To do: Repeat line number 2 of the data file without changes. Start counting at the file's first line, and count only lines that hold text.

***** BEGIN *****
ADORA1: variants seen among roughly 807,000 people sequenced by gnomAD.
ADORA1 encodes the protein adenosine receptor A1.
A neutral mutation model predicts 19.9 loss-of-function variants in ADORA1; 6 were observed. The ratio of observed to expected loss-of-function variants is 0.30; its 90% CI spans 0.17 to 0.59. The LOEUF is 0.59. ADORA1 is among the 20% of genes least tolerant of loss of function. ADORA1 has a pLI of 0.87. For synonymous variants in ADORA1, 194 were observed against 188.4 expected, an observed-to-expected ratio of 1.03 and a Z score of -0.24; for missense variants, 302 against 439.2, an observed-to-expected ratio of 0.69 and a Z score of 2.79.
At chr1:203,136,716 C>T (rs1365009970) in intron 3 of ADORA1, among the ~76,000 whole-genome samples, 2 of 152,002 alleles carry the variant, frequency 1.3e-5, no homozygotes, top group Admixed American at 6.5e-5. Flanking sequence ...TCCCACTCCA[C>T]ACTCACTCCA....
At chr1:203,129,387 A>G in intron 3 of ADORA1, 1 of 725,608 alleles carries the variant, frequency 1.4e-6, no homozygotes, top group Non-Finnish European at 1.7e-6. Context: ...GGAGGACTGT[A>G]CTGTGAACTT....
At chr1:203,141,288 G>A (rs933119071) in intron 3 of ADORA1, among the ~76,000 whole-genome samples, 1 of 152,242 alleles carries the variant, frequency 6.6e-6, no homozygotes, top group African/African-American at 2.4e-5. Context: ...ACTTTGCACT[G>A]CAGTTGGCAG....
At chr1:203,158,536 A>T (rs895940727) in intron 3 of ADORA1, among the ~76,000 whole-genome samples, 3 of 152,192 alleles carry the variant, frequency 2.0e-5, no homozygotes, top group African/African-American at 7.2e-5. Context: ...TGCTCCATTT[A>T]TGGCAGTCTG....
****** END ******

ADORA1 encodes the protein adenosine receptor A1.